When fainting signals a bigger problem

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A simple nine-question tool could help emergency physicians uncover the dangerous hidden conditions that make some people faint, according to a Canadian study,

Fainting is fairly common – 35% to 40% of people faint at least once in their lives. But for about 10% of people who visit the emergency room for fainting it can be a symptom of a potentially life-threatening condition like arrhythmia, or heart rhythm disturbance.

A team of researchers at The Ottawa Hospital and the University of Ottawa have created a screening tool to help emergency doctors predict the risk of a patient experiencing adverse events from these hidden conditions within a month of fainting. These include irregular heartbeat, heart attacks and even death. If the risk is high, then doctors would do a thorough evaluation in the hospital before sending the patient home.

“Fainting is a big problem,” said Dr Venkatesh Thiruganasambandamoorthy, an emergency physician and scientist at The Ottawa Hospital and an assistant professor at the University of Ottawa. “The way fainting patients are examined in emergency rooms varies greatly between physicians and hospitals. We hope that this screening tool will make the process more consistent and improve the detection of serious conditions related to fainting.”

Thiruganasambandamoorthy also notes that most fainting patients admitted to hospital do not need to be there. These patients can spend four to seven hours in the emergency department before a decision to discharge them is made. “If our tool can discharge low-risk patients quickly and safely, then I think we can reduce emergency room wait times and open up those resources to other patients,” he said.

Of the 4,030 fainting patients his team observed across six Canadian emergency rooms, 147 suffered a serious event in the month after discharge. This is largest study of its kind in the world.

After following up with patients and analysing clinical findings from emergency doctors, Dr Thiruganasambandamoorthy and his team found nine factors that physicians can plug into a screening tool. Added together, these factors give the patient’s total risk of an adverse event, from very low to very high.

These factors include: the physician’s diagnosis of the cause of fainting; signs of a common and harmless variety of fainting, such as being in a warm or crowded place, standing for a long time, or feeling intense fear, emotion or pain; a history of heart disease; abnormal electrocardiogram (ECG) measurements; and higher levels of troponin, a protein specific to heart muscle.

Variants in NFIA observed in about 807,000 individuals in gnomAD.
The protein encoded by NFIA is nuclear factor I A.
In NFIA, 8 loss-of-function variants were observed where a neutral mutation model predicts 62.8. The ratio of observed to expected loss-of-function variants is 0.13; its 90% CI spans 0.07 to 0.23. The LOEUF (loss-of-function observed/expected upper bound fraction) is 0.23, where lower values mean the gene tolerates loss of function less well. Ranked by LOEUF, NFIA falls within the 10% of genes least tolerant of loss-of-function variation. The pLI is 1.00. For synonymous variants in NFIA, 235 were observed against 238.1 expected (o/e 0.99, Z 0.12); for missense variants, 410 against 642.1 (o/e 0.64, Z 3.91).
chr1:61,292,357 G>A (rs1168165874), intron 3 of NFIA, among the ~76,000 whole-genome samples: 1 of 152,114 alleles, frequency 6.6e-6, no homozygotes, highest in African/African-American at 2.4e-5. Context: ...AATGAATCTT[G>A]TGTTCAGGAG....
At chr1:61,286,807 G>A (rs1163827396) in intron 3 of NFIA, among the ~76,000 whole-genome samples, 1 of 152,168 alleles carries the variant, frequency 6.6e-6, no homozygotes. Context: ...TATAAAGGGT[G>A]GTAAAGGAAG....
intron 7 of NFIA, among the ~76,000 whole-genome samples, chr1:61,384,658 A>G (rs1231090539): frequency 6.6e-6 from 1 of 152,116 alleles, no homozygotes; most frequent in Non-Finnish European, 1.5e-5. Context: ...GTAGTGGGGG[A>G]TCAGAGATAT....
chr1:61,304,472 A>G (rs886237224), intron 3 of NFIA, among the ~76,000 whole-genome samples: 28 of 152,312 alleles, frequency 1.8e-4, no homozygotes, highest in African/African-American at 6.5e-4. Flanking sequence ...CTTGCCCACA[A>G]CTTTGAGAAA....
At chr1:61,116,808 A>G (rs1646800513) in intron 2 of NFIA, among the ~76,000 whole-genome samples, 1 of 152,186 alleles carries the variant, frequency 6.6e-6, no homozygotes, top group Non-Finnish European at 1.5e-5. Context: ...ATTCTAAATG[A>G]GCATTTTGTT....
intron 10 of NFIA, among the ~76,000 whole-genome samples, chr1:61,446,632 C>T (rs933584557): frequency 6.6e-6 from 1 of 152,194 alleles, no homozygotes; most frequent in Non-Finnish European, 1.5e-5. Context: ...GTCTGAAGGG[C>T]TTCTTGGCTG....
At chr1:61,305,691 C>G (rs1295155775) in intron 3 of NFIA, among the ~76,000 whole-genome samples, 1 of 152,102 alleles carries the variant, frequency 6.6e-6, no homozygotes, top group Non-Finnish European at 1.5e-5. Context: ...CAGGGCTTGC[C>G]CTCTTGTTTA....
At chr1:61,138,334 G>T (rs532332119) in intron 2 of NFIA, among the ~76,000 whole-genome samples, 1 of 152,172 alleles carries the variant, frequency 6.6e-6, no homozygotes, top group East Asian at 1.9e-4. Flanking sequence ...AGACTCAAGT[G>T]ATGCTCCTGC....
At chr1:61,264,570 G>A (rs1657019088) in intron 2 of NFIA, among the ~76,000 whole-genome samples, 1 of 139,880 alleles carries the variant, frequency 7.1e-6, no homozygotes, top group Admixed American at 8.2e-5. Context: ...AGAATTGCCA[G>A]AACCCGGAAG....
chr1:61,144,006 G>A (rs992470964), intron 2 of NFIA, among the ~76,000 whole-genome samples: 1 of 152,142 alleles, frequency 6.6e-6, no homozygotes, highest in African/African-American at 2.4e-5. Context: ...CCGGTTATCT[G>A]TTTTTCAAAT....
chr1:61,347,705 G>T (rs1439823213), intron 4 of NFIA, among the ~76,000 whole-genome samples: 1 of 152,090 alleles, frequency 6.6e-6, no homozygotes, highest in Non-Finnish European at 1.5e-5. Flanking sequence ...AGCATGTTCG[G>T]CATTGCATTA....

This study was funded by Physicians Services Incorporated Foundation, Canadian Institutes of Health Research, Ontario Innovation Fund and The Ottawa Hospital Foundation.

The tool is currently being validated in emergency rooms across Canada in a study funded by the Canadian Arrhythmia Network. Once validation is complete, Thiruganasambandamoorthy hopes to make the tool available online and as an app.

Background: Syncope can be caused by serious conditions not evident during initial evaluation, which can lead to serious adverse events, including death, after disposition from the emergency department. We sought to develop a clinical decision tool to identify adult patients with syncope who are at risk of a serious adverse event within 30 days after disposition from the emergency department.
Methods: We prospectively enrolled adults (age ≥ 16 yr) with syncope who presented within 24 hours after the event to 1 of 6 large emergency departments from Sept. 29, 2010, to Feb. 27, 2014. We collected standardized variables at index presentation from clinical evaluation and investigations. Adjudicated serious adverse events included death, myocardial infarction, arrhythmia, structural heart disease, pulmonary embolism, serious hemorrhage and procedural interventions within 30 days.
Results: We enrolled 4030 patients with syncope; the mean age was 53.6 years, 55.5% were women, and 9.5% were admitted to hospital. Serious adverse events occurred in 147 (3.6%) of the patients within 30 days after disposition from the emergency department. Of 43 candidate predictors examined, we included 9 in the final model: predisposition to vasovagal syncope, heart disease, any systolic pressure reading in the emergency department < 90 or > 180 mm Hg, troponin level above 99th percentile for the normal population, abnormal QRS axis (< −30° or > 100°), QRS duration longer than 130 ms, QTc interval longer than 480 ms, emergency department diagnosis of cardiac syncope and emergency department diagnosis of vasovagal syncope (C statistic 0.88, 95% confidence interval [CI] 0.85-0.90; optimism 0.015; goodness-of-fit p = 0.11). The risk of a serious adverse event within 30 days ranged from 0.4% for a score of −3 to 83.6% for a score of 11. The sensitivity was 99.2% (95% CI 95.9%-100%) for a threshold score of −2 or higher and 97.7% (95% CI 93.5%-99.5%) for a threshold score of −1 or higher.
Interpretation: The Canadian Syncope Risk Score showed good discrimination and calibration for 30-day risk of serious adverse events after disposition from the emergency department. Once validated, the tool will be able to accurately stratify the risk of serious adverse events among patients presenting with syncope, including those at low risk who can be discharged home quickly.

Venkatesh Thiruganasambandamoorthy, Kenneth Kwong, George A Wells, Marco LA Sivilotti, Muhammad Mukarram, Brian H Rowe, Eddy Lang, Jeffrey J Perry, Robert Sheldon, Ian G Stiell, Monica Taljaard

The Ottawa Hospital material
Canadian Medical Association Journal abstract

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